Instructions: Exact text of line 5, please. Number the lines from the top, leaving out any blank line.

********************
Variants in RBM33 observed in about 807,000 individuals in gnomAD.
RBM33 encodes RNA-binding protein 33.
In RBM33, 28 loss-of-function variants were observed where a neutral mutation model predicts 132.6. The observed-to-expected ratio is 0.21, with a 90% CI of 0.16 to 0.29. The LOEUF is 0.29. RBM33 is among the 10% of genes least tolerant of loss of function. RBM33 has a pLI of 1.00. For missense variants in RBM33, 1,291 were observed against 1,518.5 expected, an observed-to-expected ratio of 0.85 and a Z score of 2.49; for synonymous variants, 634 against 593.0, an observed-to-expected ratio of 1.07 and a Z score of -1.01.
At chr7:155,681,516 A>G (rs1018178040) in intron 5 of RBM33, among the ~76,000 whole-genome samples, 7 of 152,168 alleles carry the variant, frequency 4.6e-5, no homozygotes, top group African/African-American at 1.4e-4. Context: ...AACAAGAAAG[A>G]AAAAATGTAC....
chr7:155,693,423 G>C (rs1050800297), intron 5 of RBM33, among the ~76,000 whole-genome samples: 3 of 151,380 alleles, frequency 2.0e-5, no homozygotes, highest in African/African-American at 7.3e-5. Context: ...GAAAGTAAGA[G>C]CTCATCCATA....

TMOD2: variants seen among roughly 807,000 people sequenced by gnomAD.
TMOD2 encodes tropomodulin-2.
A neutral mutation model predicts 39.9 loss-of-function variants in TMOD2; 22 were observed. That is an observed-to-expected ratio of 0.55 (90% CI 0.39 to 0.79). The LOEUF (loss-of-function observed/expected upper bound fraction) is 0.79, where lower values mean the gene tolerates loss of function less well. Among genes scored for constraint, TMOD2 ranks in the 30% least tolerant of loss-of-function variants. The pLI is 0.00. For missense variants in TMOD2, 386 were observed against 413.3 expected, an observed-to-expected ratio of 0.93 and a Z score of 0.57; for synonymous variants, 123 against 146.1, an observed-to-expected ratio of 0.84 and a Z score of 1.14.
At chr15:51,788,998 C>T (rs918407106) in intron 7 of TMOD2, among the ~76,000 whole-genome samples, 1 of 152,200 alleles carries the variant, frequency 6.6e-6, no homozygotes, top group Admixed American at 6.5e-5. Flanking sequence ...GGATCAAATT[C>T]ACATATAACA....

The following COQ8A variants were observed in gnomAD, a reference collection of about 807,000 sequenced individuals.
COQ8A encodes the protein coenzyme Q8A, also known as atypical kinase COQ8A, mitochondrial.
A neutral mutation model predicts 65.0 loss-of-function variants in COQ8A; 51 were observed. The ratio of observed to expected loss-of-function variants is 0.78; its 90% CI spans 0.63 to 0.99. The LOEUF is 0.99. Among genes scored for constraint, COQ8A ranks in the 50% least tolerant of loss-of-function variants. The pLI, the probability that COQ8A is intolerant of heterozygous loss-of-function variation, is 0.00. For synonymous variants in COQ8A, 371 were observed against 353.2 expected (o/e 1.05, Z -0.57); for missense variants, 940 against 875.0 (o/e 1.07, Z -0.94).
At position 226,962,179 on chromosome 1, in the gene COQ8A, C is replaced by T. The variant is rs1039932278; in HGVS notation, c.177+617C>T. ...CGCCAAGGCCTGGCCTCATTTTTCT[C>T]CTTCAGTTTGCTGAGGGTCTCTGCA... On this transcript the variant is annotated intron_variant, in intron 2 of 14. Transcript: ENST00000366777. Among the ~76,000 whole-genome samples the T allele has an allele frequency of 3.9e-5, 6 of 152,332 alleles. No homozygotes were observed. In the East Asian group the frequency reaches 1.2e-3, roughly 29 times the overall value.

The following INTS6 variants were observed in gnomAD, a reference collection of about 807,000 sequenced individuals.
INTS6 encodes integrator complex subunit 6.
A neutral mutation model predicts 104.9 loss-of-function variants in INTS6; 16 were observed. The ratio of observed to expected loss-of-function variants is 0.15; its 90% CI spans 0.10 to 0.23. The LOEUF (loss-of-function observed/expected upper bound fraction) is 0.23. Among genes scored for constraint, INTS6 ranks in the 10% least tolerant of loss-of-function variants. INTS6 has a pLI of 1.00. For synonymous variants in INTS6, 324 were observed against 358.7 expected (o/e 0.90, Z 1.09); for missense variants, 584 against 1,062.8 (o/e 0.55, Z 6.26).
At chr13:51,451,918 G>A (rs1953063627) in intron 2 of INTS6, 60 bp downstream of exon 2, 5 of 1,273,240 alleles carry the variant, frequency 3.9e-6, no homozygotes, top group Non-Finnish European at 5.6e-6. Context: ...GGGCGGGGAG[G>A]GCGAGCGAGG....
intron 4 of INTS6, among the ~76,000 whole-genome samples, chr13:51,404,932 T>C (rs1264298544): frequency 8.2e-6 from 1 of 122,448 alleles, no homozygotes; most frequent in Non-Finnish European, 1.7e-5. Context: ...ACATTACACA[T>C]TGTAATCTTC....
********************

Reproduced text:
chr7:155,693,423 G>C (rs1050800297), intron 5 of RBM33, among the ~76,000 whole-genome samples: 3 of 151,380 alleles, frequency 2.0e-5, no homozygotes, highest in African/African-American at 7.3e-5. Context: ...GAAAGTAAGA[G>C]CTCATCCATA....